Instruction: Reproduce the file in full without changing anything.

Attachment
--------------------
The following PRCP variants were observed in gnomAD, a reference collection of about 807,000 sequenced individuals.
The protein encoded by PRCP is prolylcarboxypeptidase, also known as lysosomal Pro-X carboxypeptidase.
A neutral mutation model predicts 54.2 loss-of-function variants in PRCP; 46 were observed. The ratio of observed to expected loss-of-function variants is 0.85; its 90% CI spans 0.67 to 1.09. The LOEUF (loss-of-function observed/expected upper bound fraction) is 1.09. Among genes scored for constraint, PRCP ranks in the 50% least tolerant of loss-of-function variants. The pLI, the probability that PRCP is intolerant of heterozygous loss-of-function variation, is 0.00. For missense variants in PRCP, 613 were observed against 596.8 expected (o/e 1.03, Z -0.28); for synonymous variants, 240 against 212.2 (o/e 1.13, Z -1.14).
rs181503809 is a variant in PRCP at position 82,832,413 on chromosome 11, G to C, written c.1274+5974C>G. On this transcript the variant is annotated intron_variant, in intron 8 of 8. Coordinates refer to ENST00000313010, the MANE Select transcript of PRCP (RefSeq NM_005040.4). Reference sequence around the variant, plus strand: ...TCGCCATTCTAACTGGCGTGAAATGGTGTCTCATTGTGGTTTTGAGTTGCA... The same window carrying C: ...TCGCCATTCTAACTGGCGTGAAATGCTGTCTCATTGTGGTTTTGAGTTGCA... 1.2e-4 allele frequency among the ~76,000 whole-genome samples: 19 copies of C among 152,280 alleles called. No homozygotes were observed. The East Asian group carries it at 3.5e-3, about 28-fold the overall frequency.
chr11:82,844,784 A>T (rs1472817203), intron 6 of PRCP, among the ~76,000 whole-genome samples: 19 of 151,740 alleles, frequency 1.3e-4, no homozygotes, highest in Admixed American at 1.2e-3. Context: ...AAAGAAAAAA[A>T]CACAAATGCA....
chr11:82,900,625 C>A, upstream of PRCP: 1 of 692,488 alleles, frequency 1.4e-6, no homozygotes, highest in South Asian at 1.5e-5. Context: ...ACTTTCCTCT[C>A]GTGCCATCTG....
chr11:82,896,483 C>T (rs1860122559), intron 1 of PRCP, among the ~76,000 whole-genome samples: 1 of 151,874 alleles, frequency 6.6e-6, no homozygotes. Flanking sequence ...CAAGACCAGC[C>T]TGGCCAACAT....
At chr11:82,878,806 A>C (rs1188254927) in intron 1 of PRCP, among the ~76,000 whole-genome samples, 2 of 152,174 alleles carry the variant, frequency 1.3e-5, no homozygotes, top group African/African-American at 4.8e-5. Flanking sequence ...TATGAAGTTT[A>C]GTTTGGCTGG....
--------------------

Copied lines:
The following PRCP variants were observed in gnomAD, a reference collection of about 807,000 sequenced individuals.
The protein encoded by PRCP is prolylcarboxypeptidase, also known as lysosomal Pro-X carboxypeptidase.
A neutral mutation model predicts 54.2 loss-of-function variants in PRCP; 46 were observed. The ratio of observed to expected loss-of-function variants is 0.85; its 90% CI spans 0.67 to 1.09. The LOEUF (loss-of-function observed/expected upper bound fraction) is 1.09. Among genes scored for constraint, PRCP ranks in the 50% least tolerant of loss-of-function variants. The pLI, the probability that PRCP is intolerant of heterozygous loss-of-function variation, is 0.00. For missense variants in PRCP, 613 were observed against 596.8 expected (o/e 1.03, Z -0.28); for synonymous variants, 240 against 212.2 (o/e 1.13, Z -1.14).
rs181503809 is a variant in PRCP at position 82,832,413 on chromosome 11, G to C, written c.1274+5974C>G. On this transcript the variant is annotated intron_variant, in intron 8 of 8. Coordinates refer to ENST00000313010, the MANE Select transcript of PRCP (RefSeq NM_005040.4). Reference sequence around the variant, plus strand: ...TCGCCATTCTAACTGGCGTGAAATGGTGTCTCATTGTGGTTTTGAGTTGCA... The same window carrying C: ...TCGCCATTCTAACTGGCGTGAAATGCTGTCTCATTGTGGTTTTGAGTTGCA... 1.2e-4 allele frequency among the ~76,000 whole-genome samples: 19 copies of C among 152,280 alleles called. No homozygotes were observed. The East Asian group carries it at 3.5e-3, about 28-fold the overall frequency.
chr11:82,844,784 A>T (rs1472817203), intron 6 of PRCP, among the ~76,000 whole-genome samples: 19 of 151,740 alleles, frequency 1.3e-4, no homozygotes, highest in Admixed American at 1.2e-3. Context: ...AAAGAAAAAA[A>T]CACAAATGCA....
chr11:82,900,625 C>A, upstream of PRCP: 1 of 692,488 alleles, frequency 1.4e-6, no homozygotes, highest in South Asian at 1.5e-5. Context: ...ACTTTCCTCT[C>A]GTGCCATCTG....
chr11:82,896,483 C>T (rs1860122559), intron 1 of PRCP, among the ~76,000 whole-genome samples: 1 of 151,874 alleles, frequency 6.6e-6, no homozygotes. Flanking sequence ...CAAGACCAGC[C>T]TGGCCAACAT....
At chr11:82,878,806 A>C (rs1188254927) in intron 1 of PRCP, among the ~76,000 whole-genome samples, 2 of 152,174 alleles carry the variant, frequency 1.3e-5, no homozygotes, top group African/African-American at 4.8e-5. Flanking sequence ...TATGAAGTTT[A>C]GTTTGGCTGG....